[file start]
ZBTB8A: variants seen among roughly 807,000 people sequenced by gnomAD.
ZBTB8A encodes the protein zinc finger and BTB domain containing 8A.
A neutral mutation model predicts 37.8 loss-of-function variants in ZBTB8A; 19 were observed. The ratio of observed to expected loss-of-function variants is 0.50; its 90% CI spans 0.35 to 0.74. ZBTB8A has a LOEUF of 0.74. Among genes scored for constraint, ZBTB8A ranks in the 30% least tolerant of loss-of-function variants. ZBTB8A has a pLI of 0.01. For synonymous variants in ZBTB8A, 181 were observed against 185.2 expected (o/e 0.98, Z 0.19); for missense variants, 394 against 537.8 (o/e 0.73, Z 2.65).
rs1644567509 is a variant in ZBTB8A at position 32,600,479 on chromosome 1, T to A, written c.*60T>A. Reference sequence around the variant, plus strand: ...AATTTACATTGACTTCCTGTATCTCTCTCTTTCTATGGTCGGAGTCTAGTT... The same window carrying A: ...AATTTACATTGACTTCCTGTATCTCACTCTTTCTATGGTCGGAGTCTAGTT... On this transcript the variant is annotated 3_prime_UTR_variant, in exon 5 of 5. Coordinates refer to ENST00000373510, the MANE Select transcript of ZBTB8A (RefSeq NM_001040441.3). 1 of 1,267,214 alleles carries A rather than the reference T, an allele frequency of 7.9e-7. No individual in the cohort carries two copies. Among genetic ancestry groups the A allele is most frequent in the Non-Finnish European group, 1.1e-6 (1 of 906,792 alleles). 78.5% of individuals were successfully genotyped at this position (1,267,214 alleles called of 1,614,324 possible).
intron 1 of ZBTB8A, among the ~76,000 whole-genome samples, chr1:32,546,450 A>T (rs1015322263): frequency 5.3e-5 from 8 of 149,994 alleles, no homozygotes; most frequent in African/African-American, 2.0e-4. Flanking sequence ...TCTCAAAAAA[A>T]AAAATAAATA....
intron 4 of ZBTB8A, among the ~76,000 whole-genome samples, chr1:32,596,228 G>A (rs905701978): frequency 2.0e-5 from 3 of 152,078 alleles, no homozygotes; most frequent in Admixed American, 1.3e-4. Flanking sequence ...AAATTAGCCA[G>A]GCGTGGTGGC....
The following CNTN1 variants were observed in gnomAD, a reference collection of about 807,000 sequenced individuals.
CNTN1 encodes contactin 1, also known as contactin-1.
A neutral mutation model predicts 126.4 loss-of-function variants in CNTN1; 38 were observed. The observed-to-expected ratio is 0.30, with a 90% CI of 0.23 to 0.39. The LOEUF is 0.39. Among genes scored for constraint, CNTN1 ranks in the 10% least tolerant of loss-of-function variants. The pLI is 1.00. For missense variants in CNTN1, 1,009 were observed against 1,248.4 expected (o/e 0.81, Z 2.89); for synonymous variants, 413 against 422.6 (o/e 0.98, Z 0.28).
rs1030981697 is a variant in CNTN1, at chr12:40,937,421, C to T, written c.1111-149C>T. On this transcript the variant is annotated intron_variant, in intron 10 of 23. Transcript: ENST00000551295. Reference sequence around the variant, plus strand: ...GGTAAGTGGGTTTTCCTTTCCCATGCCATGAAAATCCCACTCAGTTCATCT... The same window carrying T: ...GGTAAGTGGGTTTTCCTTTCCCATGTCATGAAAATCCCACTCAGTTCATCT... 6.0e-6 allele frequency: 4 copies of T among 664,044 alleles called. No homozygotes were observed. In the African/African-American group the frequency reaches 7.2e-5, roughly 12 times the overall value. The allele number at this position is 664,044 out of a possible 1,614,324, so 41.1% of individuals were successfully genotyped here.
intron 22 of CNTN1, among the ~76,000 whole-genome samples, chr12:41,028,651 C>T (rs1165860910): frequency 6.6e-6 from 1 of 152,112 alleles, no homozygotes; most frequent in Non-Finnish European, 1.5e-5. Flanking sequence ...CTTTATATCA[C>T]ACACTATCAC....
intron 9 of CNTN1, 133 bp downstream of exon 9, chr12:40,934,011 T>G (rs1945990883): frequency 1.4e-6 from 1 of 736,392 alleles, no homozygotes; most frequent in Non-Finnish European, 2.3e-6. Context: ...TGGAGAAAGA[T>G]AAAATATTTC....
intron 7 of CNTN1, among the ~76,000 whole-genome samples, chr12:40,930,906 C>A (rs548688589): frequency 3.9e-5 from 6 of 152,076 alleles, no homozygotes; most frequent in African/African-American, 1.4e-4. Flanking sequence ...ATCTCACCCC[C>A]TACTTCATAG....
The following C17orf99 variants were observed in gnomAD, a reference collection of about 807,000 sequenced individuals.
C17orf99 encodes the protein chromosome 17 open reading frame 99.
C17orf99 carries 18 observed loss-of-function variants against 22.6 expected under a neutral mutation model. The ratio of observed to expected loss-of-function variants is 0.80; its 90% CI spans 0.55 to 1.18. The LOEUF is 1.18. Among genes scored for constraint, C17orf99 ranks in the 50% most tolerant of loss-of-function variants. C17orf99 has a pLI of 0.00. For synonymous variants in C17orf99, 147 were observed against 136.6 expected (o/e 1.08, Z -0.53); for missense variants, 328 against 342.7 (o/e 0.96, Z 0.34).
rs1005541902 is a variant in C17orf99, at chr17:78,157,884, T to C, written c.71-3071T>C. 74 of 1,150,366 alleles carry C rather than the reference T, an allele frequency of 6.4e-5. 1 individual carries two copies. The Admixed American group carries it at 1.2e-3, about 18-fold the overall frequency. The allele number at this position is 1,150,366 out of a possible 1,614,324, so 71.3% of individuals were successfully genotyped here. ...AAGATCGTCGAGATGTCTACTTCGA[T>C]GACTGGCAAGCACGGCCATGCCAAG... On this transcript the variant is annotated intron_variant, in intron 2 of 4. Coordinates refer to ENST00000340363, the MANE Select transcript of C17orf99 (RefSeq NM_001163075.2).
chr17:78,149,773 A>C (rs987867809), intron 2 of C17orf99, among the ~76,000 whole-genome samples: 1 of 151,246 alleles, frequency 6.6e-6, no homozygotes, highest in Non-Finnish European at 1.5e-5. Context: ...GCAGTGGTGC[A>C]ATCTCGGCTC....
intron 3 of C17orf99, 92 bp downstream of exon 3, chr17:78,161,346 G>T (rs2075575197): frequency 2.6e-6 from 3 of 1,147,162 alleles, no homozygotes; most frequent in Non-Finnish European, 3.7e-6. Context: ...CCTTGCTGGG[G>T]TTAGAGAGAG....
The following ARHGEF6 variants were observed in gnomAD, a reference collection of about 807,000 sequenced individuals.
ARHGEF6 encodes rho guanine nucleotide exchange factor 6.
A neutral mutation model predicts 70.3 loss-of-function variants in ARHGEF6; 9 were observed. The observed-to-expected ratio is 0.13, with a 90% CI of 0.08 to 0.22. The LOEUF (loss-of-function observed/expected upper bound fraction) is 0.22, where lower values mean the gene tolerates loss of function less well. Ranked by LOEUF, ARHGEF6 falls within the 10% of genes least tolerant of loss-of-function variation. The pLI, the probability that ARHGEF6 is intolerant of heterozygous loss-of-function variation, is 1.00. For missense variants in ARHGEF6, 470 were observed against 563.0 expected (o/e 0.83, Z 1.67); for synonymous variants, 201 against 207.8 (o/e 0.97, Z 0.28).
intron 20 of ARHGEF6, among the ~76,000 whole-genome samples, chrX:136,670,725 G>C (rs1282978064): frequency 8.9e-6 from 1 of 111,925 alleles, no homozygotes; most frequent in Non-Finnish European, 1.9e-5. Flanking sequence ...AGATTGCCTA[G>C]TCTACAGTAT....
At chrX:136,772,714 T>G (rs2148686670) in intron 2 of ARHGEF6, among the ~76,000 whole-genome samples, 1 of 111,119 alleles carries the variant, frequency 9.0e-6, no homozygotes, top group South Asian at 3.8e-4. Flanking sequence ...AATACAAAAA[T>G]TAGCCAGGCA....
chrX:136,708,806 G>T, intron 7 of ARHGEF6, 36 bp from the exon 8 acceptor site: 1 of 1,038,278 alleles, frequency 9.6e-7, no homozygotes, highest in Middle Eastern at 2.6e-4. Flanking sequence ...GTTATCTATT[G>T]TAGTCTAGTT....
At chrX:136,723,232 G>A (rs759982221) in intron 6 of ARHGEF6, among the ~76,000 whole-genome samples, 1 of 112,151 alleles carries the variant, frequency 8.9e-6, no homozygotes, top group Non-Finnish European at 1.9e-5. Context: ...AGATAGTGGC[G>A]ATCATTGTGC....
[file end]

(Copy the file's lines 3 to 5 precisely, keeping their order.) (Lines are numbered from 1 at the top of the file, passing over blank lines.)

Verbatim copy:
A neutral mutation model predicts 37.8 loss-of-function variants in ZBTB8A; 19 were observed. The ratio of observed to expected loss-of-function variants is 0.50; its 90% CI spans 0.35 to 0.74. ZBTB8A has a LOEUF of 0.74. Among genes scored for constraint, ZBTB8A ranks in the 30% least tolerant of loss-of-function variants. ZBTB8A has a pLI of 0.01. For synonymous variants in ZBTB8A, 181 were observed against 185.2 expected (o/e 0.98, Z 0.19); for missense variants, 394 against 537.8 (o/e 0.73, Z 2.65).
rs1644567509 is a variant in ZBTB8A at position 32,600,479 on chromosome 1, T to A, written c.*60T>A. Reference sequence around the variant, plus strand: ...AATTTACATTGACTTCCTGTATCTCTCTCTTTCTATGGTCGGAGTCTAGTT... The same window carrying A: ...AATTTACATTGACTTCCTGTATCTCACTCTTTCTATGGTCGGAGTCTAGTT... On this transcript the variant is annotated 3_prime_UTR_variant, in exon 5 of 5. Coordinates refer to ENST00000373510, the MANE Select transcript of ZBTB8A (RefSeq NM_001040441.3). 1 of 1,267,214 alleles carries A rather than the reference T, an allele frequency of 7.9e-7. No individual in the cohort carries two copies. Among genetic ancestry groups the A allele is most frequent in the Non-Finnish European group, 1.1e-6 (1 of 906,792 alleles). 78.5% of individuals were successfully genotyped at this position (1,267,214 alleles called of 1,614,324 possible).
intron 1 of ZBTB8A, among the ~76,000 whole-genome samples, chr1:32,546,450 A>T (rs1015322263): frequency 5.3e-5 from 8 of 149,994 alleles, no homozygotes; most frequent in African/African-American, 2.0e-4. Flanking sequence ...TCTCAAAAAA[A>T]AAAATAAATA....